Of course a company has a right to protect its trademarks, but we believe that a cease and desist letter should only be used in the case of honest trademark infringement that causes legitimate confusion for the consumer in the market place. When Renegade set out to change the name of Ryeteous, we wanted to make a statement about our perspective on cease and desist letters. Renegade stands for doing things differently, plain and simple, and the craft brewing industry does things differently. When Avery Brewing and Russian River discovered that they both had a beer named Salvation, rather than sue each other for the naming rights, they decided to blend their beers into a new beer called Collaboration Not Litigation. That is the industry that Renegade joined and that is the industry we wish to preserve. Can you imagine Chevy and Ford reaching an agreement like that? Or Anheuser Busch and Coors? No, it wouldn't happen between any other companies other than craft beer companies.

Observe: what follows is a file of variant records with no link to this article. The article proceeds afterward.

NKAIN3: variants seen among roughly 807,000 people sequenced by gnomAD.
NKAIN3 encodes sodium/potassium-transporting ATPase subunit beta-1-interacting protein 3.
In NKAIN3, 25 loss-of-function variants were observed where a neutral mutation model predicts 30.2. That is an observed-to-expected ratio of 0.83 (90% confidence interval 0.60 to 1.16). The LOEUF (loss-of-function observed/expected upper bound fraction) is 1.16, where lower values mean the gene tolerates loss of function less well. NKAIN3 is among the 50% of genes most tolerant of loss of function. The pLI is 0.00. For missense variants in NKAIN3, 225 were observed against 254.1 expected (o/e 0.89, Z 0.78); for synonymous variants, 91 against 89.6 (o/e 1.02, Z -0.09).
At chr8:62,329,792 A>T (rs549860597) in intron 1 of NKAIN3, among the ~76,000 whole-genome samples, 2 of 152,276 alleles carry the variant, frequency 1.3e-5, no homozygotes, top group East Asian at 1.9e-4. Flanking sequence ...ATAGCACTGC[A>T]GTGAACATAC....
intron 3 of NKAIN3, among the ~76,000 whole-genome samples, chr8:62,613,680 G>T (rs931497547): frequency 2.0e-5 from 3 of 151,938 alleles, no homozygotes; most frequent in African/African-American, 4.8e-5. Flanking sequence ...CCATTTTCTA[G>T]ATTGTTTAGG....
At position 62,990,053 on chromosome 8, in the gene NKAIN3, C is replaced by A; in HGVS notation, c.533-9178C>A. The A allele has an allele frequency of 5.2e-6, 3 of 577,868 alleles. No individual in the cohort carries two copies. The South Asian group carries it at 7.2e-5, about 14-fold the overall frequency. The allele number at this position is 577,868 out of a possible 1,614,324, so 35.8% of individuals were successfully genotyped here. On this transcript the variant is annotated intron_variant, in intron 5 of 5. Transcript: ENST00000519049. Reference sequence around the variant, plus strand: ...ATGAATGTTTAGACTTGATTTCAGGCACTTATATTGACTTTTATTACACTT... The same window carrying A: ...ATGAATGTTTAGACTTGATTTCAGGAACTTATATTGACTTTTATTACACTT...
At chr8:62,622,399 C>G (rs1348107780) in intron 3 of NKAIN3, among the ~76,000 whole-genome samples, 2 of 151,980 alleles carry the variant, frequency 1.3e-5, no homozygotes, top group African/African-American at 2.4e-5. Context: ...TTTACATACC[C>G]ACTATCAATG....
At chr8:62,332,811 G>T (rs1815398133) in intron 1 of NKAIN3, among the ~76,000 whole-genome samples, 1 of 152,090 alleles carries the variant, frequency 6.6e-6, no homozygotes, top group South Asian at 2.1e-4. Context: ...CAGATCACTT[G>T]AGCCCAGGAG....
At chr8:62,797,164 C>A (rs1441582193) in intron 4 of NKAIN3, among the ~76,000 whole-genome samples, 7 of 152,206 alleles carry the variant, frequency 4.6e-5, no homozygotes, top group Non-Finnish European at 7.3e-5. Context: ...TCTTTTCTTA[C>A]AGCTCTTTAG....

Therefore, the new name we chose for our beer is Redacted. It represents that there was something there before that no longer is, that our original name was silenced by a legal move. Although the name will change, the beer inside the cans will not. No recipe changes will take place. We look forward to continuing to bring our popular Rye IPA to the people of Colorado and to working in the greatest industry in existence.
Redacted is expected to start hitting shelves in April 2013. Until then the beer will continue to be distributed under the current Ryeteous label.